The State Bar has long had a “Civility Toolbox,” which discusses best practices in the area of lawyers interaction and responsibilities with clients and the public, case related conduct including scheduling, requests for continuances, motion practice, communications with adversaries and the court, dealings with nonparty witnesses, trials and hearings, ex parte communications, and even social relationships. Civility guidelines have also been adopted by individual jurisdictions up and down the golden state, including many of the same areas. The California State Bar has recently, however, recognized the link between civility and the elimination of bias.

Leveling the playing field: the link between civility and bias

The California State Bar now recognizes a subfield credit entitled “civility in the legal profession,” which includes education that encompasses not only the link between civility and bias, but incivility specifically directed at opposing parties, counsels, or toward the judiciary. Successful implementation of this new requirement should include consideration not only of the Civility Toolbox and individual bar association civility guidelines, but also of California’s adoption of the ABA version of rule 8.4, concerning discrimination.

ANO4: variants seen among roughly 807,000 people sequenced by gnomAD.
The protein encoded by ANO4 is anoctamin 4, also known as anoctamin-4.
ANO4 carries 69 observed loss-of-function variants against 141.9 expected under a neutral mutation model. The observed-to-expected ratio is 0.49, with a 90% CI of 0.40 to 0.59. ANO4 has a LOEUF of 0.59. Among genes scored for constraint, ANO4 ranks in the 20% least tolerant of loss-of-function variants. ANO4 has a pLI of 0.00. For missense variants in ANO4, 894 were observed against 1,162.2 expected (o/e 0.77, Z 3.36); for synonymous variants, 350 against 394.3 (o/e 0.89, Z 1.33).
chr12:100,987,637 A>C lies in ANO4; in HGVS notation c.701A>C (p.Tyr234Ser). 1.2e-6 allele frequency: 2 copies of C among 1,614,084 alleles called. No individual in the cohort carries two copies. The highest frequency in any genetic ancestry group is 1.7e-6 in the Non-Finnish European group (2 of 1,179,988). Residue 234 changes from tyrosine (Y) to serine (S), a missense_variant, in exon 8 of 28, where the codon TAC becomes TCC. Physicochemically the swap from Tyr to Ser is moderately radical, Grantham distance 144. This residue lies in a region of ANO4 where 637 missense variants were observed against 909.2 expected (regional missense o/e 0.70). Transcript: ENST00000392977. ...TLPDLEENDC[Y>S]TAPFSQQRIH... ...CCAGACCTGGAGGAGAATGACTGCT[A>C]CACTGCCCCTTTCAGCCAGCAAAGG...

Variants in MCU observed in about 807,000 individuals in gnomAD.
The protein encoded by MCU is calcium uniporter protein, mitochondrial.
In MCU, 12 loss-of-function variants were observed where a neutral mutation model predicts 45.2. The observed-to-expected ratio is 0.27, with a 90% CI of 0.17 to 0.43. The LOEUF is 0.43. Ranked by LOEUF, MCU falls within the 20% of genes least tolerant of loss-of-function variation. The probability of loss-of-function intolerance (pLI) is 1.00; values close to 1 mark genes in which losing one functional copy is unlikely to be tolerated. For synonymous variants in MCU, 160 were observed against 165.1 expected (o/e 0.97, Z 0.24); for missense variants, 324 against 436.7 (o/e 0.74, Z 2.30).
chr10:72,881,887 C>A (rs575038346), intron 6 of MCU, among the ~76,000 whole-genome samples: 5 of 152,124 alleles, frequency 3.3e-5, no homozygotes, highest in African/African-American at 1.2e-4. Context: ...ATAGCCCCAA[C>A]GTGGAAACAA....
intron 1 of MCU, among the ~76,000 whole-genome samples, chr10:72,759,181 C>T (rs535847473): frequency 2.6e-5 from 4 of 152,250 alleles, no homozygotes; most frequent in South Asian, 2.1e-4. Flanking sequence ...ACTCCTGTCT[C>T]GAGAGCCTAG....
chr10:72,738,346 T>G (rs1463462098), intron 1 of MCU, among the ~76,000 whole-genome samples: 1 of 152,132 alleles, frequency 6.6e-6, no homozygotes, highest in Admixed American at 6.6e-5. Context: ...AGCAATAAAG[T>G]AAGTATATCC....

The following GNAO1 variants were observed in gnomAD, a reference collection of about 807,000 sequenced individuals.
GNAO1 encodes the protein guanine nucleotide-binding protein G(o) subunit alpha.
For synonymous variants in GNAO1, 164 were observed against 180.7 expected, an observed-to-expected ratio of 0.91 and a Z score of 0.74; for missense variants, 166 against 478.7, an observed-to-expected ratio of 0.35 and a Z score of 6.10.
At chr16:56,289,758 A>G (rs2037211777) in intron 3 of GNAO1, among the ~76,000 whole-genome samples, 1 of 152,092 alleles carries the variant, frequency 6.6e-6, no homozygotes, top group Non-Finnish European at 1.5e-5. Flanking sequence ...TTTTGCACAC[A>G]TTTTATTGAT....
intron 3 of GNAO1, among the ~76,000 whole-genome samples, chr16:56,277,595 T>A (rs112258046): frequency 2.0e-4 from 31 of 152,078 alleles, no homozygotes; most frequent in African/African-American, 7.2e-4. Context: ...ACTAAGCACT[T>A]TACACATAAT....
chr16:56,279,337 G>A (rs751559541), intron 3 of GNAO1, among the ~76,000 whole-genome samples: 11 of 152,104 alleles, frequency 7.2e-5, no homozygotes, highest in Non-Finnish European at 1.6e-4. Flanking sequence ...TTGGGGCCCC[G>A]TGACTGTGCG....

As of Nov. 1, 2018, when California officially adopted a version of the ABA Model Rules of Professional conduct, relinquishing our previous status of being the lone holdout state to adopt a version of the national rules, we broadened the scope of formalized ethics rules, but with some important distinctions. Rule 8.4 was one of those distinctions.

Prohibited discrimination, harassment and retaliation